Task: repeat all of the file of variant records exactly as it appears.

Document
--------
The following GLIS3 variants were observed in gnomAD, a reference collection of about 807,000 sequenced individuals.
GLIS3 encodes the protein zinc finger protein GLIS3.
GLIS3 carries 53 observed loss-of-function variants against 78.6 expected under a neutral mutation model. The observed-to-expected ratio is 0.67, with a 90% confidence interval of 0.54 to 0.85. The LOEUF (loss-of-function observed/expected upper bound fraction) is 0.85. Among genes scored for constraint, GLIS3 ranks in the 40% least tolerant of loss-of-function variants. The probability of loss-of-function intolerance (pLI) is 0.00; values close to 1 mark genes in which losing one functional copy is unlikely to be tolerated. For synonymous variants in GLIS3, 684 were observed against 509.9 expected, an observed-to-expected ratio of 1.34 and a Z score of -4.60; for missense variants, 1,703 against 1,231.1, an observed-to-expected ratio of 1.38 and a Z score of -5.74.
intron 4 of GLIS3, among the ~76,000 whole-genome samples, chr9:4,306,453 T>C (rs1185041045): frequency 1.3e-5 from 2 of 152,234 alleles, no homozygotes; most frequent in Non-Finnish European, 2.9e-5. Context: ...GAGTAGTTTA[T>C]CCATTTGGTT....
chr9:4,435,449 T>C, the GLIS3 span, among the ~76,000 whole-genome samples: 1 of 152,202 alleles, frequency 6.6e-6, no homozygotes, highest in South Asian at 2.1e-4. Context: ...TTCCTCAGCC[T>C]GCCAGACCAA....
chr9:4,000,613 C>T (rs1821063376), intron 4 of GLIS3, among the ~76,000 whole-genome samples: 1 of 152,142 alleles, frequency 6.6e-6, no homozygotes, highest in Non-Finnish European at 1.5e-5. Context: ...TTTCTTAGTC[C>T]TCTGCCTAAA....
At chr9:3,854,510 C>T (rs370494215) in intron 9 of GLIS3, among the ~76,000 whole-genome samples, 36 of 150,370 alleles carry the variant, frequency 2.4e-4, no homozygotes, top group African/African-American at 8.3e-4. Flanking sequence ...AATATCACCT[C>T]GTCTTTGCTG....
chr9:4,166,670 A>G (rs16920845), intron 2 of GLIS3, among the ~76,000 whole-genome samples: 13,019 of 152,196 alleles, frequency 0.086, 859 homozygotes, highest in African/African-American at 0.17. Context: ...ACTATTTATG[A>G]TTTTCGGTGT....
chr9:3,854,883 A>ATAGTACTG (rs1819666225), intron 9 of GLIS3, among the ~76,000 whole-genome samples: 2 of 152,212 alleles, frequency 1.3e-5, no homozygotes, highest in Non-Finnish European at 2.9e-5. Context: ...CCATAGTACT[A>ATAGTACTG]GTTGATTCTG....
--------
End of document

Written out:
The following GLIS3 variants were observed in gnomAD, a reference collection of about 807,000 sequenced individuals.
GLIS3 encodes the protein zinc finger protein GLIS3.
GLIS3 carries 53 observed loss-of-function variants against 78.6 expected under a neutral mutation model. The observed-to-expected ratio is 0.67, with a 90% confidence interval of 0.54 to 0.85. The LOEUF (loss-of-function observed/expected upper bound fraction) is 0.85. Among genes scored for constraint, GLIS3 ranks in the 40% least tolerant of loss-of-function variants. The probability of loss-of-function intolerance (pLI) is 0.00; values close to 1 mark genes in which losing one functional copy is unlikely to be tolerated. For synonymous variants in GLIS3, 684 were observed against 509.9 expected, an observed-to-expected ratio of 1.34 and a Z score of -4.60; for missense variants, 1,703 against 1,231.1, an observed-to-expected ratio of 1.38 and a Z score of -5.74.
intron 4 of GLIS3, among the ~76,000 whole-genome samples, chr9:4,306,453 T>C (rs1185041045): frequency 1.3e-5 from 2 of 152,234 alleles, no homozygotes; most frequent in Non-Finnish European, 2.9e-5. Context: ...GAGTAGTTTA[T>C]CCATTTGGTT....
chr9:4,435,449 T>C, the GLIS3 span, among the ~76,000 whole-genome samples: 1 of 152,202 alleles, frequency 6.6e-6, no homozygotes, highest in South Asian at 2.1e-4. Context: ...TTCCTCAGCC[T>C]GCCAGACCAA....
chr9:4,000,613 C>T (rs1821063376), intron 4 of GLIS3, among the ~76,000 whole-genome samples: 1 of 152,142 alleles, frequency 6.6e-6, no homozygotes, highest in Non-Finnish European at 1.5e-5. Context: ...TTTCTTAGTC[C>T]TCTGCCTAAA....
At chr9:3,854,510 C>T (rs370494215) in intron 9 of GLIS3, among the ~76,000 whole-genome samples, 36 of 150,370 alleles carry the variant, frequency 2.4e-4, no homozygotes, top group African/African-American at 8.3e-4. Flanking sequence ...AATATCACCT[C>T]GTCTTTGCTG....
chr9:4,166,670 A>G (rs16920845), intron 2 of GLIS3, among the ~76,000 whole-genome samples: 13,019 of 152,196 alleles, frequency 0.086, 859 homozygotes, highest in African/African-American at 0.17. Context: ...ACTATTTATG[A>G]TTTTCGGTGT....
chr9:3,854,883 A>ATAGTACTG (rs1819666225), intron 9 of GLIS3, among the ~76,000 whole-genome samples: 2 of 152,212 alleles, frequency 1.3e-5, no homozygotes, highest in Non-Finnish European at 2.9e-5. Context: ...CCATAGTACT[A>ATAGTACTG]GTTGATTCTG....